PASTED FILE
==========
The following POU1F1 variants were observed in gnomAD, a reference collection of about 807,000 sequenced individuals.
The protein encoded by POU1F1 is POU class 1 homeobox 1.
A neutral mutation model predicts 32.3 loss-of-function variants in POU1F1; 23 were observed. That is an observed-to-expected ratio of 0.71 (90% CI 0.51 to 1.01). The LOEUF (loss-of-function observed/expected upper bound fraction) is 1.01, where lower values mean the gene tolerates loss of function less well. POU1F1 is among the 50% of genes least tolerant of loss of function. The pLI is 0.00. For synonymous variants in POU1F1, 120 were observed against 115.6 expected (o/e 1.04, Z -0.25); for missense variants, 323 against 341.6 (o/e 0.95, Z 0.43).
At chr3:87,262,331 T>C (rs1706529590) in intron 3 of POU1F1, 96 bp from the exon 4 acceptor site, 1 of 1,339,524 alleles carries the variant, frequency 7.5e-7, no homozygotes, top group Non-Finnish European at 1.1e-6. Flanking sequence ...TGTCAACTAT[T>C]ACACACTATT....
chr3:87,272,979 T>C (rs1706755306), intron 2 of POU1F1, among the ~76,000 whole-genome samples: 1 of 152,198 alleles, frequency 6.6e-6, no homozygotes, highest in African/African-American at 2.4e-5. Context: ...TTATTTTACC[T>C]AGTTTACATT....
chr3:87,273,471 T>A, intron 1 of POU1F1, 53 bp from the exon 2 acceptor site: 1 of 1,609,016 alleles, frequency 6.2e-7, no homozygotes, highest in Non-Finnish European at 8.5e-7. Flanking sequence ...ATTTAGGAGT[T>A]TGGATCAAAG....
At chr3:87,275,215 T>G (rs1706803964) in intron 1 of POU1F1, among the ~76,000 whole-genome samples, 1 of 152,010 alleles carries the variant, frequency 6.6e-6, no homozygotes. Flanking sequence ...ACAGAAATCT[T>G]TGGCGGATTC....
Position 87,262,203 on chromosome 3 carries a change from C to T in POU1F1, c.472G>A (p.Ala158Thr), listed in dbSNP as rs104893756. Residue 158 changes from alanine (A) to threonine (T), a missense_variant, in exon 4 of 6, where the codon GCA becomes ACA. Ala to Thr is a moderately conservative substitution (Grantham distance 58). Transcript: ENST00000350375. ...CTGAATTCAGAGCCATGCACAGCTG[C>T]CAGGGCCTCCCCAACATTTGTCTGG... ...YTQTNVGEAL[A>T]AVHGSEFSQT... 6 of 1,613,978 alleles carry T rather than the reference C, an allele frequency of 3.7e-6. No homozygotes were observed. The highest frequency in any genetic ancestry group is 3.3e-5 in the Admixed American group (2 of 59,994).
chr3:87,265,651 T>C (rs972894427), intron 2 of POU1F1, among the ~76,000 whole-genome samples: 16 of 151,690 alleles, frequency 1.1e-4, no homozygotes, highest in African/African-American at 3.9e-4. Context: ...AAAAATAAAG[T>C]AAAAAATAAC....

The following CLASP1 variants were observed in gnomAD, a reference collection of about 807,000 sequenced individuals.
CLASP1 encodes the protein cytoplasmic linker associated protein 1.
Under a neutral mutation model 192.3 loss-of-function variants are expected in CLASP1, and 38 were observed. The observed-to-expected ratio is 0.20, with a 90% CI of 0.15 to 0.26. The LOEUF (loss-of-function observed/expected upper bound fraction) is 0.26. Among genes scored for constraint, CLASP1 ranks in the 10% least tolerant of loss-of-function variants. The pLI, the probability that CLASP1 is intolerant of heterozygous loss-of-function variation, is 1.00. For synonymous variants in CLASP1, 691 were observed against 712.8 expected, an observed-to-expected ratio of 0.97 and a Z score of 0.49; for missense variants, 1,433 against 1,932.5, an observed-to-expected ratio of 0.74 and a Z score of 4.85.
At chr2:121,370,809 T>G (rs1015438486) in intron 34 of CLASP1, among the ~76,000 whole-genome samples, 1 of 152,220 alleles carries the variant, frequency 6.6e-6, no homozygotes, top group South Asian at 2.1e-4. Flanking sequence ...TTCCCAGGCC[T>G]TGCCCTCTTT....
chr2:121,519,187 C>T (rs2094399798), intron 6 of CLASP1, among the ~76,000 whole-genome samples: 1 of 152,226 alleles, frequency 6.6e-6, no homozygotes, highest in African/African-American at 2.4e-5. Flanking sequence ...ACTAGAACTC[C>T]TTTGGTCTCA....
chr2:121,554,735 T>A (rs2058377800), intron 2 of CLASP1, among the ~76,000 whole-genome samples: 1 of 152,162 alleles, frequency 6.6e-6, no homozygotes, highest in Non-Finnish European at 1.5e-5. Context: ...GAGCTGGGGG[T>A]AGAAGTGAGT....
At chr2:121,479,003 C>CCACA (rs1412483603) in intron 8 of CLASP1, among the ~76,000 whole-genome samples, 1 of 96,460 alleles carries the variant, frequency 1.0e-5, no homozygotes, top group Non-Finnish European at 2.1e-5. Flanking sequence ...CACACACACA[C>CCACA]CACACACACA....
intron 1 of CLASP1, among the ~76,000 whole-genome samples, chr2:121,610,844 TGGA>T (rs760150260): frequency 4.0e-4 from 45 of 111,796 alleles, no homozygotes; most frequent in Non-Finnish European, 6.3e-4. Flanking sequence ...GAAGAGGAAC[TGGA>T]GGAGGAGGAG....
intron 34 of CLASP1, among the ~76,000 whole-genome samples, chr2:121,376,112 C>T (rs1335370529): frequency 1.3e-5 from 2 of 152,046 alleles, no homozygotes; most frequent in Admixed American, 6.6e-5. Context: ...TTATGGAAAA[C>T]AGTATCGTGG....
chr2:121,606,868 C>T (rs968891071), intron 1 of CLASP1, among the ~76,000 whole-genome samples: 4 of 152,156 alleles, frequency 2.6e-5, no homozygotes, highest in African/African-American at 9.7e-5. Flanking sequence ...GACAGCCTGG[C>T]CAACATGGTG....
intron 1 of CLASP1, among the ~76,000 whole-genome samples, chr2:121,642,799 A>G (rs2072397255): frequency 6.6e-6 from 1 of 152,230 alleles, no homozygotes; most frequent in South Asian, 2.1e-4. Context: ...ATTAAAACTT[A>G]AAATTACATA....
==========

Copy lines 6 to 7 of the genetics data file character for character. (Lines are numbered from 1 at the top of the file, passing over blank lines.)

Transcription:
chr3:87,273,471 T>A, intron 1 of POU1F1, 53 bp from the exon 2 acceptor site: 1 of 1,609,016 alleles, frequency 6.2e-7, no homozygotes, highest in Non-Finnish European at 8.5e-7. Flanking sequence ...ATTTAGGAGT[T>A]TGGATCAAAG....
At chr3:87,275,215 T>G (rs1706803964) in intron 1 of POU1F1, among the ~76,000 whole-genome samples, 1 of 152,010 alleles carries the variant, frequency 6.6e-6, no homozygotes. Flanking sequence ...ACAGAAATCT[T>G]TGGCGGATTC....